How do you remove and prevent Bubble Algae?


Stop the bubbles!  Bubble algae can look interesting when you first see it.  Many have even made the mistake of finding it on new live rock and deciding just to leave it alone.  Once their tank dipped into this algaes growth zone though they quickly changed their mind.

Often introduced on new live rock bubble algae can under the right conditions take over a tank.  It will overgrow and kill out corals and coralline algae.  Its primary food source is the nitrogen and phosphates in your water.  Keeping your parameters in check with proper filtration is always the best way to keep this beats at bay.  Some algae eaters including tangs and emerald crabs have been known to eat at it as it pops up too.

More than one type of bubble

What most aquarists refer to as bubble algae can actually be one of several different types of algae. Ventricaria ventricosa is the most common but others are Boergesenia forbesii, Valonia aegagropila, and Valonia macrophysa to name just a few. They all grow very similarly as little green bubble sacks. Different species will grow to different max sizes usually ranging from the size of a pea to size of a large marble. Some species will be perfectly spherical while others will be somewhat elongated and almost branching.

How does bubble algae grow?

Feeding on the nutrients in your water (primarily nitrates) these algae will grow until they burst. As they burst thousands of little bubble algae spores are released into the water, each with the potential to attach to a surface and grow into a new bubble repeating the process.

The biggest problem most aquarists encounter is even with just a few small bubbles in your tank; if the conditions are right for growth on bubble can quickly take over a rock after rupturing going from what didn’t even seen like a problem to WTF situation very quickly.


How do you remove bubble algae?

If you already have bubbles in your tank, just remove them. Be careful and do your best not to let them rupture as you remove them. Often they can be removed by hand, preferably wearing some sort of protective gloves since the rocks they grow on can be sharp. If needed use a small straight edge tool like a screwdriver, chisel, etc. work around the base of the bubble to dislodge it.

Having a syphon going while you do this to suck up the bubbles is very handy. Bubbles can easily float away as you work lodging themselves somewhere else. I like to clamp a filter sock inside my sump and run a syphon from the display into the sock. This keeps the water in the system and catches all the bubbles in the sock for easy removal once done.


What eats bubble algae?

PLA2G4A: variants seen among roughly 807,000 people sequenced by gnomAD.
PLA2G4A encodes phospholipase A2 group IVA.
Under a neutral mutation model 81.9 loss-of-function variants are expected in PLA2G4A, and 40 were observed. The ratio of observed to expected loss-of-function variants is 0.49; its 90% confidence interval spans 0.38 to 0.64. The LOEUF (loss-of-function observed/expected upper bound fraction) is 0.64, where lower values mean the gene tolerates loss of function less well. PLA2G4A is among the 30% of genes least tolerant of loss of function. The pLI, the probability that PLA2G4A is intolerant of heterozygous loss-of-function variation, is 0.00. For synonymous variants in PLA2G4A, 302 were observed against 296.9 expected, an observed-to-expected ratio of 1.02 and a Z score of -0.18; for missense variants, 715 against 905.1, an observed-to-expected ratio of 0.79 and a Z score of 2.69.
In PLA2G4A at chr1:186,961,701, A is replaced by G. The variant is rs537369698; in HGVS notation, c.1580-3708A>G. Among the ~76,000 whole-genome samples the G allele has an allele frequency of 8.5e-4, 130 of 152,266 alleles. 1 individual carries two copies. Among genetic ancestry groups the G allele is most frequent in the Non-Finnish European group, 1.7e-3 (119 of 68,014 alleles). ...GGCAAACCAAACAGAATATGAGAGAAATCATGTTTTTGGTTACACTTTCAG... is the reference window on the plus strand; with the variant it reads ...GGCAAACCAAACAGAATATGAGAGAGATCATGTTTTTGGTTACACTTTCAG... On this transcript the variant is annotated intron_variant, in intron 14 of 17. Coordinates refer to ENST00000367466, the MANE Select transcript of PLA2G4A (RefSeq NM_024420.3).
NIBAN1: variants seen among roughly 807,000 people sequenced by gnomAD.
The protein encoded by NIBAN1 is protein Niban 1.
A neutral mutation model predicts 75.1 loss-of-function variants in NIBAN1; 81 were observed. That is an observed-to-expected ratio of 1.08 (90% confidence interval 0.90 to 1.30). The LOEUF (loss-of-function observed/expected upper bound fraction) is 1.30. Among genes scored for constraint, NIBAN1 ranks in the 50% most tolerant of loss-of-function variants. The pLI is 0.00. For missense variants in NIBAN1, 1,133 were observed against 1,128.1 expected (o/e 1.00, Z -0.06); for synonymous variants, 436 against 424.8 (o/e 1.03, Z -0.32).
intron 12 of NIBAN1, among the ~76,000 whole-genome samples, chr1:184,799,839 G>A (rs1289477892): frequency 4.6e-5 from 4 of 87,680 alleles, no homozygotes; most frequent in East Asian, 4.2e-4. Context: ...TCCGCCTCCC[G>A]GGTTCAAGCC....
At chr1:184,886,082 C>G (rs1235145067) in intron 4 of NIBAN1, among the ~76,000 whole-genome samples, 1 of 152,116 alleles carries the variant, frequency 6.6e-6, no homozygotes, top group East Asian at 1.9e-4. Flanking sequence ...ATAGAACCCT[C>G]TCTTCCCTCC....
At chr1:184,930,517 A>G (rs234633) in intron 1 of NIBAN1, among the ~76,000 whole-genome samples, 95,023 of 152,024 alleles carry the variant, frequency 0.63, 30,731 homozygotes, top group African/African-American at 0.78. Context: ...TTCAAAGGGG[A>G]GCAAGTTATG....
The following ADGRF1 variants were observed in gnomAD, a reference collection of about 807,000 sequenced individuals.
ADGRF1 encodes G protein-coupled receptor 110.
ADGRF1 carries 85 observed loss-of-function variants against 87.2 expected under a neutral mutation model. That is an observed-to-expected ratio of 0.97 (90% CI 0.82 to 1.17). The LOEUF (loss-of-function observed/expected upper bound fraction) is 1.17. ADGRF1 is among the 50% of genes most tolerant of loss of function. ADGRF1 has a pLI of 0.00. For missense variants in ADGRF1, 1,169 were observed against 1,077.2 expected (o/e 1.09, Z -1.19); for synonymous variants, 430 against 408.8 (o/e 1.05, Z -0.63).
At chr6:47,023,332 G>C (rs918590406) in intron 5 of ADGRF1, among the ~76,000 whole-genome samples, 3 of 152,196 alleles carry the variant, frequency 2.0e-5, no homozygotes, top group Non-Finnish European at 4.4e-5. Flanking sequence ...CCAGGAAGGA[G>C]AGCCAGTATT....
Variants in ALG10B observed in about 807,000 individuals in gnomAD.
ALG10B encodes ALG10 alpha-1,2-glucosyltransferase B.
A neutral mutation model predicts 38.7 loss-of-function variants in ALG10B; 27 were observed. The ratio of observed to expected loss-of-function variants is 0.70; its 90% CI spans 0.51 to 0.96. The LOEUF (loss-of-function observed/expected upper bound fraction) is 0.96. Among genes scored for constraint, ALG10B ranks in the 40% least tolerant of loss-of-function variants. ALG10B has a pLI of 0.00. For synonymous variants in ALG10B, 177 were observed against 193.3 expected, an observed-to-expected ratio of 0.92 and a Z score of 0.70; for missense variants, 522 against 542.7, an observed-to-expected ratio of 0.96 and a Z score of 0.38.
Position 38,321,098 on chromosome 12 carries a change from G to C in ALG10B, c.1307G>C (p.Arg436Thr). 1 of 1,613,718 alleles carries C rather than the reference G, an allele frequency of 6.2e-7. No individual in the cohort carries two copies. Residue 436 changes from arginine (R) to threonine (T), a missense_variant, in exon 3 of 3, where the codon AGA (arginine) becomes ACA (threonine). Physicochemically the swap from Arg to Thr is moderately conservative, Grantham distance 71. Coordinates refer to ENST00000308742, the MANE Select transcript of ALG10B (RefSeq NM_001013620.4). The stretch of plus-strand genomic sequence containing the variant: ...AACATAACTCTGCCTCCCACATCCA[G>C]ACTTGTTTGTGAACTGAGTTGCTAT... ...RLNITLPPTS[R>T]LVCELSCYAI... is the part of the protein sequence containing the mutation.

Some creatures will eat bubble algae. Yellow Tangs, Rabitfish, and Emerald Crabs among others have a reputation for eating this algae. Like with all nuisance algae though for every story I hear about someone using these to clear the algae I hear another about them not touching the stuff. It really just depends on you specific animal and what the other food conditions are in the tank. Think about it, I like burgers and pizza but if I had both in front of me I’m going with the burger fist; you might go for the pizza. The same logic applies to these guys.

Really it is a good idea if you like the creatures and your tank can sustain them even once an outbreak is gone to add them to help. Just don’t rely on the creatures or they may let you down.


Prevent bubble algae by removing its food source

The best way to prevent a breakout and even to get rid of an existing one, is to remove its food source. If your tank is running at near 0 nitrates algae has a very hard time growing. This is why regularly changing your filter media like your socks and having a protein skimmer are very important. This will remove a lot of the organics that decompose into nitrates to feed the algae.


Grow this instead and prevent bubble algae

As much as we push to keep our nitrates low by not over feeding and removing organics with mechanical filtration; we still feed our fish and then they poop. Maybe that gets picked up by your cleanup crew but then they poop too. Eventually something dies. A great way to pull the excess nutrients out of your tank is actually by growing algae.

Setting up a refugium to grow an algae like chaetomorpha encourages this algae to grow in an unseen location in your stand and not in your display tank. You simply let it grow and cut back the growth every so often removing the cuttings from the tank. This helps ensure you are actually taking out the nutrients that feed the algae not just transferring it from one form to another until, well until the conditions are just right for a terrible algae bloom.



To wrap this article up, it is always best to prevent than to cure. Inspect your new live rock and coral frags for any hitchhikers you can remove. It is always best to quarantine them to be safe. That helps to keep it out to begin with.

Once introduced into your tank the best prevention is to deprive it of food. Keep the nitrate levels low with good filtration and nutrient removal systems. If you are faced with this growing, do your best to remove the bubbles without rupturing them as this releases the spores into the tank for more to potentially grow.


A well-written Article by Dan

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